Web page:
At the moment i'm trying to find out when he joined the Ox & Bucks and what he did before that. He mentioned that he was in the Leicestershire Regiment, but that on returning from leave they had been sent to Australia without him. I can't find any information on this though, so does anyone know what the Leicestershire Regiment did before goin to Oz? He said he was in Egypt but whether that was with the Leicesters or the Ox & Bucks I don't know.

    Thanks
    Joe

    PS. I can get ahold of his army number if that's any help to anyone?
     
  13. 52nd Airborne

    52nd Airborne Green Jacket Brat

  14. J_Hall

    J_Hall Junior Member

    Thanks 52nd Airborne, I've had a look and his number comes up us being (initially) that of General Service Corps (14200001 - 15000000) - My Grandad's number being 14223695.

    Anybody know what the General Service Corps is? He mentioned being in the artillery for a while too so could this be it?

    I would have thought that being from Leicester and serving in the Leicestershire Regiment (He has a cap badge of this with "Hindoostan" on it) his number would correspond with the Leicestershire Regiment numbers.

    I have a photo of him in what is presumably desert kit (shorts etc) holding a sten gun, would it be worth posting it on here so anyone able to ident the uniform/badges etc could maybe see it?
     
  15. wtid45

    wtid45 Very Senior Member

    A lot of soldiers were intially put into the General Service Corps it only came into being in 1943, it was a holding unit for officers and specialists primarally reservists. Thus they carried that number throughout thier army service regardless of Regiment change, hence the number not matching the Leicesters.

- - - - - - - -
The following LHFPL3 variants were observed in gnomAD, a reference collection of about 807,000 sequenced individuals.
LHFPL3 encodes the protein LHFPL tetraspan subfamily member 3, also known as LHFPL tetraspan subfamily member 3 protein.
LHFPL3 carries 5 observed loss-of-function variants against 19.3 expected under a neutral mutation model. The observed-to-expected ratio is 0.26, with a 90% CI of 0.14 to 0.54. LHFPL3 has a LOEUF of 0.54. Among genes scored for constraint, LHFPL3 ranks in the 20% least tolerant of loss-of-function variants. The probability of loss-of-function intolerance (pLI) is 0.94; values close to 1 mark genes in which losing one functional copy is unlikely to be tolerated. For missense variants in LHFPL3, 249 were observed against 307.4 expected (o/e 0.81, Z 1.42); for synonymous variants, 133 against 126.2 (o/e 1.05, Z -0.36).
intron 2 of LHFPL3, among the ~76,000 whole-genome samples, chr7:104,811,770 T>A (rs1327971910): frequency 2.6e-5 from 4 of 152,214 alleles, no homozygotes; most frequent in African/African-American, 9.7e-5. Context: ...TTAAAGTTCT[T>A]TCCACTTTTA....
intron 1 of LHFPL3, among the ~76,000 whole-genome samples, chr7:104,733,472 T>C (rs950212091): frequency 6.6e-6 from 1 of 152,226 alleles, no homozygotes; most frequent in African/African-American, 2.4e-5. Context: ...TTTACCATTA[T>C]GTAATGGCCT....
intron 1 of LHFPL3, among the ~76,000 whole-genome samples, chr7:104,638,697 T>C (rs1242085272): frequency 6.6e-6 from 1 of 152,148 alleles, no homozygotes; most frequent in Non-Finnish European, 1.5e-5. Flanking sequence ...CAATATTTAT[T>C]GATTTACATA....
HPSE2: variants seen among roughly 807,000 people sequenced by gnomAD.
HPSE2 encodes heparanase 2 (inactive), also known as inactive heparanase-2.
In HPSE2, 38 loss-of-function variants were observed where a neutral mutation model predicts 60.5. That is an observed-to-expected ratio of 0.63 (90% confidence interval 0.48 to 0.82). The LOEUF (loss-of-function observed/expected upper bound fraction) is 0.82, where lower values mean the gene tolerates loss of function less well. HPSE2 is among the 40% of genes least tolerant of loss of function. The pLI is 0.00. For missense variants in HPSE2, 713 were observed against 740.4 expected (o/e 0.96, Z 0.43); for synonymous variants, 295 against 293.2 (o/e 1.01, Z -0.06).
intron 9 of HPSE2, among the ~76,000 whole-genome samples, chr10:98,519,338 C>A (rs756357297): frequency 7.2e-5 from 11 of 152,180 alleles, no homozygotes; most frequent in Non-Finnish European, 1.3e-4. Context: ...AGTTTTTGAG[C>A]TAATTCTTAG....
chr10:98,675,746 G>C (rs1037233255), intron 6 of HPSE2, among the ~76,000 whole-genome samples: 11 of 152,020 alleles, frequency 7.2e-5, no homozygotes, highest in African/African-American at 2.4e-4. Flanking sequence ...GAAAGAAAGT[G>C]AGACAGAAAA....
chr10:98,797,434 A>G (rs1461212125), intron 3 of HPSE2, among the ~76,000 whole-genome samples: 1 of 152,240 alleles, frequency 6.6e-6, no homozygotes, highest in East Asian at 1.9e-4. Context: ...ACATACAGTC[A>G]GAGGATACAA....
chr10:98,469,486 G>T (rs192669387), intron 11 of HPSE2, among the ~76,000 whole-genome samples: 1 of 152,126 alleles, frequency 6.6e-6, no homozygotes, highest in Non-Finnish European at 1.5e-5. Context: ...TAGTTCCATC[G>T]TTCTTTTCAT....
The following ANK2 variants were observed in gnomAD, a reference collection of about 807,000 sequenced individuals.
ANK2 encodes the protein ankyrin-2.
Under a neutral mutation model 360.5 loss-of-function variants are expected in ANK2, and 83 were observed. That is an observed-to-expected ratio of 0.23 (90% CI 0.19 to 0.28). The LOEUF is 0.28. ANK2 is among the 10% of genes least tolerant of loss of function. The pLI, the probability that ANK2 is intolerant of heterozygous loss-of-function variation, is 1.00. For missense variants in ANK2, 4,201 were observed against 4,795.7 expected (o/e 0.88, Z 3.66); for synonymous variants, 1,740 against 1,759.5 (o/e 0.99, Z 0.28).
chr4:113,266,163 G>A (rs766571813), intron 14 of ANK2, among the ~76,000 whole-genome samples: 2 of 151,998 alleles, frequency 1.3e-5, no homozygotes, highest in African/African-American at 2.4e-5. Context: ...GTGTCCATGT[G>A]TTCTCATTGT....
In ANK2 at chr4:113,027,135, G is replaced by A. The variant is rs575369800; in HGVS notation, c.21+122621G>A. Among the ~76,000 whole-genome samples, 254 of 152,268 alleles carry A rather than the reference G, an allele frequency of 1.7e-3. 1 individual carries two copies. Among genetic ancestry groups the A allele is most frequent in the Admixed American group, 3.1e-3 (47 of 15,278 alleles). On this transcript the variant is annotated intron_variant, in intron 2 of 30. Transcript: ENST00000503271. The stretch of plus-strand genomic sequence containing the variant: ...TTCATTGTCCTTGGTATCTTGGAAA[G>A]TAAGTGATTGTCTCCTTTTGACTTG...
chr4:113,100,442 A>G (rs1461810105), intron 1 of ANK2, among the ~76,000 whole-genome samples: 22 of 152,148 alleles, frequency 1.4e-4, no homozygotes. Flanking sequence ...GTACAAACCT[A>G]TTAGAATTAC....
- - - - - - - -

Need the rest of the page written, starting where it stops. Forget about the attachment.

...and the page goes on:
16. J_Hall

    J_Hall Junior Member

    Well thats interesting, the General Service Corps only came into being in 1943 when my grandad would have been 19/20. He wasn't an officer or specialist (he was a greengrocer's assistant beforehand). I was under the assumption that he was called-up at 18.

    To add more confusion to what he did and where he went he also said he was in the artillery (which accounts for his bad hearing), and was very proud of bein in the Green Howards too.
     
  17. wtid45

    wtid45 Very Senior Member

    Im getting confused Leicesters, OX&Bucks, Royal Artillery Green Howards and General Service Corps!:confused:
     
  18. J_Hall

    J_Hall Junior Member

    Me too! Here's what I know for sure...

    General Service Corps - His army number matches the GSC number range

    Leicestershire Regiment - He's from Leicester and has Leicester's "Hindoostan" cap-badge. His friend Bill was also in the Leicesters and it was through him that he met my grandmother.

    2nd Ox & Bucks - It's in his discharge papers.


    All I know about the rest was stories that he was in the artillery for a time which resulted in very bad hearing later in life, and his telling my grandmother that he was very proud of being in the Green Howards.

    Is it usual to move around so much? I know he had no choice in leaving the Leicesters as he returned from leave to find them all gone and en-route to Australia to defend against the Japanese threat. I assume it's from here that he went to the Ox & Bucks or the Howards.
     
  19. Rich Payne

    Rich Payne Rivet Counter Patron 1940 Obsessive

    My Dad's Service record (14536215) shows him joining B.Coy 18 PTC G.S.C. in February 1943. He then went on to 3. Sig Trg. Centre for Signals training. Although his record does not show it, I believe he was badged as Sherwood Forresters for a time and the battalion that he left was badly mauled at Anzio.

    Coincidentally, his elder brother Sid was Royal Artillery (AA I believe) in the UK for most of the war but was transferred to Ox & Bucks LI in time for the Rhine Crossing.

    I should ask Dad about applying for the service records.
     
  20. wtid45

    wtid45 Very Senior Member

    I think we need to establish some dates you say you have a record of his discharge, and I have been finding conflicting dates over what I said about the GSC one says it came into being in Feb 42, but I have found ref to it in WW1:unsure: